Microsoft reported its results for the fourth quarter of its 2015 financial year, and while the company made a gargantuan loss, Xbox and the division it sits in made a tidy profit.
Microsoft generated $22.2bn in revenue for the quarter ended 30th June 2015, but it made a loss of $2.1bn because of the eye-watering $7.5bn charge related to its £4.6bn purchase of the Nokia phone business, its recently-announced restructuring drive, which costs $780m, and a $160m charge related to its restructuring plan. That's a lot of costly restructuring.
Earlier this month Microsoft announced plans to cut 7800 jobs over the next several months as part of an overhaul of its phone business. Microsoft's Windows Phone has struggled to compete with Apple and Android devices in the smartphone space, and its September 2013 purchase of Nokia's mobile phone business hasn't had the desired effect.
Xbox, though, appears to be doing well enough to keep the bailiffs from the door. Total Xbox revenue grew 27 per cent based on "strong" growth in consoles, Xbox Live transactions and first party games, Microsoft said.
Xbox Platform revenue increased 10 per cent to $86m, driven by higher volumes of consoles sold, but offset in part by lower prices of Xbox Ones sold. That'll be all those price cuts.
Microsoft said it sold 1.4m consoles in the fourth quarter, compared to 1.1m consoles during the prior year, but it failed to specify how many were for Xbox One and how many were for Xbox 360. Most will be for Xbox One though, given Xbox 360's veteran status.
Xbox financials are included in Computing and Gaming Hardware, as Microsoft calls it, which saw revenue increase $591m or 44 per cent. But this includes Surface, which is doing wonderfully well, with revenue growth of 117 per cent to $888m. That's Surface Pro 3 and Surface 3 launching.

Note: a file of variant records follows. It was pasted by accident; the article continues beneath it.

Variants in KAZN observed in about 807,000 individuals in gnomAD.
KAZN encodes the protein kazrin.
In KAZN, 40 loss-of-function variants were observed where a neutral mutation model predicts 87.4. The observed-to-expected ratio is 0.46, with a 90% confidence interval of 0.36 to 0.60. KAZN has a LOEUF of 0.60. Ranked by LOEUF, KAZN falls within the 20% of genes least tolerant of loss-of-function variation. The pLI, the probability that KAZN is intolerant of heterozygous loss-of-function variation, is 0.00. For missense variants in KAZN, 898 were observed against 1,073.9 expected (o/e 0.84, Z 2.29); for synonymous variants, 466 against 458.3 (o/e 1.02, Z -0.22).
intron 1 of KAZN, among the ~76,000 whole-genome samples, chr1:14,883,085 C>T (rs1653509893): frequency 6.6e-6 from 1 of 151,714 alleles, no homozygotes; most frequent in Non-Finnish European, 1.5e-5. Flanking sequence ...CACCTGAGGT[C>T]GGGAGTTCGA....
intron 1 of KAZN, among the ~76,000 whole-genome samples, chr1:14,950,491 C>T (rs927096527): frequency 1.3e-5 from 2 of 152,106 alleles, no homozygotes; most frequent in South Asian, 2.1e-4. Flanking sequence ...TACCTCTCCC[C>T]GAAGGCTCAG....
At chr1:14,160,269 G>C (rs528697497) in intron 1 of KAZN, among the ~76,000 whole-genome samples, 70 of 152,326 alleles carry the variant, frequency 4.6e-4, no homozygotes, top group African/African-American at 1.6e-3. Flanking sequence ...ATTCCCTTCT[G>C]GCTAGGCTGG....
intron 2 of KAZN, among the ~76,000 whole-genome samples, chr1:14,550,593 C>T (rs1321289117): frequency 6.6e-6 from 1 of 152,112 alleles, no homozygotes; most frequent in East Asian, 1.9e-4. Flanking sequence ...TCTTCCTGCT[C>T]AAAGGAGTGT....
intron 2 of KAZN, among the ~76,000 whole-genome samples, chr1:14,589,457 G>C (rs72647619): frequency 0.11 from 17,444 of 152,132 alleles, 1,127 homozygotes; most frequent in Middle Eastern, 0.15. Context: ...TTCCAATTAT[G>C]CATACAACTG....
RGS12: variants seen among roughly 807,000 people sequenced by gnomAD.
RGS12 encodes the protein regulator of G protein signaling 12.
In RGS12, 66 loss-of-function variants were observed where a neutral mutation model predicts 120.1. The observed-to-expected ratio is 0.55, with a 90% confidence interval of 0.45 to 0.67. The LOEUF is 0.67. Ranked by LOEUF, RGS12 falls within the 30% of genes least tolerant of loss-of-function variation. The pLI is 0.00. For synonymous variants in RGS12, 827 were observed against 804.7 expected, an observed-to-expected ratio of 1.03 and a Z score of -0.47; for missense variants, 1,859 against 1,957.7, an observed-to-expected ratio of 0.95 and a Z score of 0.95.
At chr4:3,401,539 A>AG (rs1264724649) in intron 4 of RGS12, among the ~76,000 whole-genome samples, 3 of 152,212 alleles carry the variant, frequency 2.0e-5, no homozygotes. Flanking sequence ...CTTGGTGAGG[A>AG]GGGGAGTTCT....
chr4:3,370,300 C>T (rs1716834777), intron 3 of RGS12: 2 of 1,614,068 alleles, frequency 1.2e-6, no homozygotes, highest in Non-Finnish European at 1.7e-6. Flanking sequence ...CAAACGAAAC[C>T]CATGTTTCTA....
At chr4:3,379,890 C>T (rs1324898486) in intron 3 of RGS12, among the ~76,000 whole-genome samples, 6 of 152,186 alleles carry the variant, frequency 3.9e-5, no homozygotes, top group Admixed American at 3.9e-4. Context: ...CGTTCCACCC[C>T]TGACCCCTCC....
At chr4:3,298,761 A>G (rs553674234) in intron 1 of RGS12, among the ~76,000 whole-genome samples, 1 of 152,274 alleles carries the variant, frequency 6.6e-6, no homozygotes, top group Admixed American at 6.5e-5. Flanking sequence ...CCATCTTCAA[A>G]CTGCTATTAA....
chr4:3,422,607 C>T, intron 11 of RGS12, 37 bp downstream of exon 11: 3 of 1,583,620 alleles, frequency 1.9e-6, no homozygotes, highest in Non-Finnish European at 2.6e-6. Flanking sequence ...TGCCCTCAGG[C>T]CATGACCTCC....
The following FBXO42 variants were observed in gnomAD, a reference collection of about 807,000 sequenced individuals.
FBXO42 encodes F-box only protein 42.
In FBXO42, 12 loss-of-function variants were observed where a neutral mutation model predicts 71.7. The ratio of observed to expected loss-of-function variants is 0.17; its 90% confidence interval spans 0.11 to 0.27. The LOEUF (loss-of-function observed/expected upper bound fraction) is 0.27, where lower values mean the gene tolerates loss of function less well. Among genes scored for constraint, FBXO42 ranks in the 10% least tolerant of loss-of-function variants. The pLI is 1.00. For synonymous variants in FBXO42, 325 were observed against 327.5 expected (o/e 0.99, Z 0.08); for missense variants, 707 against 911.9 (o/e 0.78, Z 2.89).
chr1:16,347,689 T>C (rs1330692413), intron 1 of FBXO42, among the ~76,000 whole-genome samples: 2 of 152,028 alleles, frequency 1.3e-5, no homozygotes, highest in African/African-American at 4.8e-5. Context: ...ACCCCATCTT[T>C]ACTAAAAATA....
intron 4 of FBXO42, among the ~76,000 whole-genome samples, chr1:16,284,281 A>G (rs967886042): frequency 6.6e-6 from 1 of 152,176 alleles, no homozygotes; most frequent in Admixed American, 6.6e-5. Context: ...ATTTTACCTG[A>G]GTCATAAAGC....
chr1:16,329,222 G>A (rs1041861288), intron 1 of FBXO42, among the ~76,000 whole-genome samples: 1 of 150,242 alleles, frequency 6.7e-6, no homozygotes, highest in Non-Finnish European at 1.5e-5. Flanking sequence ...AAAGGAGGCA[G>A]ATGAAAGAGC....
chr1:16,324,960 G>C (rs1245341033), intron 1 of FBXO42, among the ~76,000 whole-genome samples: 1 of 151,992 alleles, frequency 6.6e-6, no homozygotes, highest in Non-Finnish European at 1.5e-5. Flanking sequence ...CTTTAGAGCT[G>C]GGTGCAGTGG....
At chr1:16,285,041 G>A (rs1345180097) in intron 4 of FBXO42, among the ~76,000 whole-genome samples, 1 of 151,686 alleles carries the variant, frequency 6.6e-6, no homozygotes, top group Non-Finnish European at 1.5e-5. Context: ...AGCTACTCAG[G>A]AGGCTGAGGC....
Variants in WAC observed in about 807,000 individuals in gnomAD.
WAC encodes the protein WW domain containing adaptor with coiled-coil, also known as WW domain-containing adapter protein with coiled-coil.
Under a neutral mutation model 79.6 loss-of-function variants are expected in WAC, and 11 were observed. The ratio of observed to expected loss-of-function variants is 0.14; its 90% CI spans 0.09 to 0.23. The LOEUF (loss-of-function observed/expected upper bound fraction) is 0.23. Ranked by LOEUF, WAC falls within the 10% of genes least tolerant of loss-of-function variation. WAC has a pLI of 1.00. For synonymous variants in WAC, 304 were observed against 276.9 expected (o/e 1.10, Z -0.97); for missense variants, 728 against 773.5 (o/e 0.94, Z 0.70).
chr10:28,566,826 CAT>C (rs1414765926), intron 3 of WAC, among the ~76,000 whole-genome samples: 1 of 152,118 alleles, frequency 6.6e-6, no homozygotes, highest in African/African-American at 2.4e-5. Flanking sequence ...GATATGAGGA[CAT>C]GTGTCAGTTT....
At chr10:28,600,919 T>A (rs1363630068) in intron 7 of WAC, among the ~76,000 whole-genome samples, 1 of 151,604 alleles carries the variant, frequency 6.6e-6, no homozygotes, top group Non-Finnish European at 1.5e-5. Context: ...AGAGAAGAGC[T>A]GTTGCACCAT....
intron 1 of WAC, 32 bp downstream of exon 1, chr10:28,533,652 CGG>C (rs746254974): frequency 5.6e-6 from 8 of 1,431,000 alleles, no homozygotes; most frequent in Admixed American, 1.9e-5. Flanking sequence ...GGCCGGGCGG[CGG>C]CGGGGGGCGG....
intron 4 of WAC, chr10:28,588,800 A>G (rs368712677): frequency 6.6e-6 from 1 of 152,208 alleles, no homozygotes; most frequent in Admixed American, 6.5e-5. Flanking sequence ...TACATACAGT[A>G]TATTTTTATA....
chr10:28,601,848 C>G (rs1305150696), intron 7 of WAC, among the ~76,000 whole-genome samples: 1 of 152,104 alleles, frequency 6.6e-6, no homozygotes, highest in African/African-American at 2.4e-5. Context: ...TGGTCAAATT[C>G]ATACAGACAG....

Computing and Gaming Hardware is a part of Microsoft's Devices and Consumer division, and there's a "D&C Other" part of that (still with us?) that saw revenue increase $538m or 31 per cent, mainly due to higher revenue from Xbox Live transactions, search advertising, first-party video games, including Minecraft, and Office 365 Consumer.
Breaking it down, Xbox Live transactions revenue increased $205m or 58 per cent, reflecting "increased users and revenue per user". Xbox Live users grew 22 per cent in the quarter, logging nearly 3.5bn hours of gameplay.
First-party video games revenue increased $63m or 62 per cent, most of which is down to Minecraft, which Microsoft bought in November 2014.
The lines on the chart are going up, then, but is Xbox doing well enough for Microsoft? Microsoft CEO Satya Nadella said Xbox "had an incredible Q4".
The revenue growth of 27 per cent, coupled with "the excitement we generated at E3 with Xbox exclusive gaming content and backwards compatibility demonstrates the building momentum that exists within the Xbox ecosystem", Nadella added, so he sounds happy ahead of the launch of new operating system Windows 10.
"Gaming is an important scenario for Windows 10, and our success with Xbox this quarter gives us a strong starting position heading into launch," he added.
"Our growing fan base is excited for the best games lineup in our history. All of this comes together with Windows 10, when fans can connect with each other, stream all of their Xbox One games to Windows 10, and experience the best virtual reality platform given our partnership with Oculus Rift and Valve."
Nadella added he expects Xbox to continue to grow "both fans and profitability" as it heads into the crucial Christmas period and the launch of Xbox One exclusive Halo 5.
Of course, despite Xbox One's gains, it still lags behind Sony's PlayStation 4 in the console war. PS4 has shifted 22.3m units as of 31st March 2015. Microsoft has yet to report an updated sales number for Xbox One.
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